As your prepare to pass your EPPP test through the TSM study process, you will take roughly 4000 questions throughout the course of your studies. There’s a reason we make sure you answer this many questions before ever taking your EPPP test and it has to do with what I’ve been sharing about the brain.
Tests are normally associated with stress and anxiety. The very thought of taking a test is often enough to evoke negative memories from your school days, or to invoke stressful memories from your more recent time in graduate school.
In neurological terms, we might say that the idea of test-taking fires up the anxiety feeling in the cingulate gyrus, located deep inside the brain’s cortex. When the former fires up, the later fires up: test-taking and anxiety have become “wired” together in the brain.
If that has been your experience, it doesn’t have to continue to be that way. Even when certain associations get hardwired into the brain, they can be reversed because of the brain’s remarkable plasticity. Thus, by simulating the conditions of a test within the safe and relaxed environment of the TSM study process, the experience you have previously associated with stress and anxiety becomes paired with relaxation. In a sense, we provide you with 4,000 “conditioning moments” for you to practice desensitizing yourself.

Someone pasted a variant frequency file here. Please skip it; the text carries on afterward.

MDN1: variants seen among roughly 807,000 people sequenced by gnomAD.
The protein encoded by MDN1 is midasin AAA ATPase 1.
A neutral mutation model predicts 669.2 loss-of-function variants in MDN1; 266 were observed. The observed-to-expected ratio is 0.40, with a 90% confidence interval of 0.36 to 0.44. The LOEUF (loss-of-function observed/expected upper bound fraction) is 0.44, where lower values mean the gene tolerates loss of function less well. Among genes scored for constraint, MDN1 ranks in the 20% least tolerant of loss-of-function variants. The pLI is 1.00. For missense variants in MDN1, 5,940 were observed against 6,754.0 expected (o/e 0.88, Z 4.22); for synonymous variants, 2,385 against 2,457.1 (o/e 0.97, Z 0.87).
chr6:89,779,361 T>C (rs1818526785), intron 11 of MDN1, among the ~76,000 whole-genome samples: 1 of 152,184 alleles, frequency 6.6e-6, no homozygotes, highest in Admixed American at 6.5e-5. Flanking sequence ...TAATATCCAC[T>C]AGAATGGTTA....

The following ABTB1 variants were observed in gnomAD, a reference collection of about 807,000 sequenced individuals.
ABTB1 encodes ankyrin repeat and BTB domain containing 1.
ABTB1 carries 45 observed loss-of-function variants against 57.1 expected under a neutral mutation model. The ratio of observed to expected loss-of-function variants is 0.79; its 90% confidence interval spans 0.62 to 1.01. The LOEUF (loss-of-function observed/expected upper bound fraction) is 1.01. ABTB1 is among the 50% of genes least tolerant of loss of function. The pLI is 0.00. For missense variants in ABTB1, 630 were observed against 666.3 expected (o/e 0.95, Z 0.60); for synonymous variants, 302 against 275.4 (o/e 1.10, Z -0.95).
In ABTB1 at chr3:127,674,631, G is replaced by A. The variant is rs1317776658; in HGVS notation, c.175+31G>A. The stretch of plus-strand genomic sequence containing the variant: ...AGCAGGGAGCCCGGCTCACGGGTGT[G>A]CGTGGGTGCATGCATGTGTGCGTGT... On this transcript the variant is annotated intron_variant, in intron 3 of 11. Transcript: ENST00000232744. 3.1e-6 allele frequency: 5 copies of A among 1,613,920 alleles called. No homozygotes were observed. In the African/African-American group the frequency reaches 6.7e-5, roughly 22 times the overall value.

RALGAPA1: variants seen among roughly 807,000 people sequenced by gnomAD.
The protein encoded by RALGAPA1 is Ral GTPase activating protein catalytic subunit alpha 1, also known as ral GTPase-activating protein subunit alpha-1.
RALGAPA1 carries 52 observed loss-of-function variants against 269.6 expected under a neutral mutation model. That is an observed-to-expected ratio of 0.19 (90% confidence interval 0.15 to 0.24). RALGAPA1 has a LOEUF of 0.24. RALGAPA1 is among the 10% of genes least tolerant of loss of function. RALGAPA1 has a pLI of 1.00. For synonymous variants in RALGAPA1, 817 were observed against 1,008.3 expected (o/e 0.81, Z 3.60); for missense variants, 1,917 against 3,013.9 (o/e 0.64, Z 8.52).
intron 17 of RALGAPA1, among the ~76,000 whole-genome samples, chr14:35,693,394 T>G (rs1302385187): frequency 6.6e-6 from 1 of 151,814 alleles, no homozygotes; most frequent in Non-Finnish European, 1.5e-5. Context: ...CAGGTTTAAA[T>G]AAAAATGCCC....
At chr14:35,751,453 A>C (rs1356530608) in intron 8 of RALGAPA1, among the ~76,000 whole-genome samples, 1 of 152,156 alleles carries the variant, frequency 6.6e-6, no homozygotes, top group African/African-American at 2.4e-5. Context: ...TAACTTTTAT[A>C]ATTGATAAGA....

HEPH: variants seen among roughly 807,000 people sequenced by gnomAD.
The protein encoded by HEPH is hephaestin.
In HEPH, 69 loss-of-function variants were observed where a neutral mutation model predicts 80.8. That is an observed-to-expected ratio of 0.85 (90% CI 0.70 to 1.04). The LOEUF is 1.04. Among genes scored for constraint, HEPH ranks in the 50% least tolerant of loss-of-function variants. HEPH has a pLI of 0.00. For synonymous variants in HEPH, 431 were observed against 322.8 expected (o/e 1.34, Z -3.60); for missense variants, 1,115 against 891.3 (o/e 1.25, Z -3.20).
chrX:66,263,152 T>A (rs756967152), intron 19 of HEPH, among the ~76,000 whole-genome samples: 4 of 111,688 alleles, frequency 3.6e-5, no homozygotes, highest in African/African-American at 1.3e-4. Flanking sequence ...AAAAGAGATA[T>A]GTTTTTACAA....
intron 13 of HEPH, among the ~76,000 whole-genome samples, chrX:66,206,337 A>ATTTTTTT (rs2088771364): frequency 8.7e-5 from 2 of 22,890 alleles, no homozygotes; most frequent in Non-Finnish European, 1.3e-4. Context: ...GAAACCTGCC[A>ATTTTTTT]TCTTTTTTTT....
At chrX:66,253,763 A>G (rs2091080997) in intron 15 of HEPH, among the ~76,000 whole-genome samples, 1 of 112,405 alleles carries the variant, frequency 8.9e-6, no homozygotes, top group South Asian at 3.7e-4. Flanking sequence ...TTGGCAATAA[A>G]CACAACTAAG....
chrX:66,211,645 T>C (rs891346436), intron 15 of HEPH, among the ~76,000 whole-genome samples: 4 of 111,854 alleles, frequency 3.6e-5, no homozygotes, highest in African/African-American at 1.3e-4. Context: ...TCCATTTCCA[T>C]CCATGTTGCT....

Since neurons that fire apart, wire apart, after you have answered 4,000 questions without anxiety, your mind and emotions have been prepared to take the EPPP test without anxiety. By the end of your study process you will have worked to master this desensitization process, so when you sit for your EPPP test, you’ll have the ability to replicate this relaxed state throughout the exam.
This is not the only reason we give you so many test questions. Frequent testing also improves memory, and thus reinforces the information you need to successfully pass your EPPP test.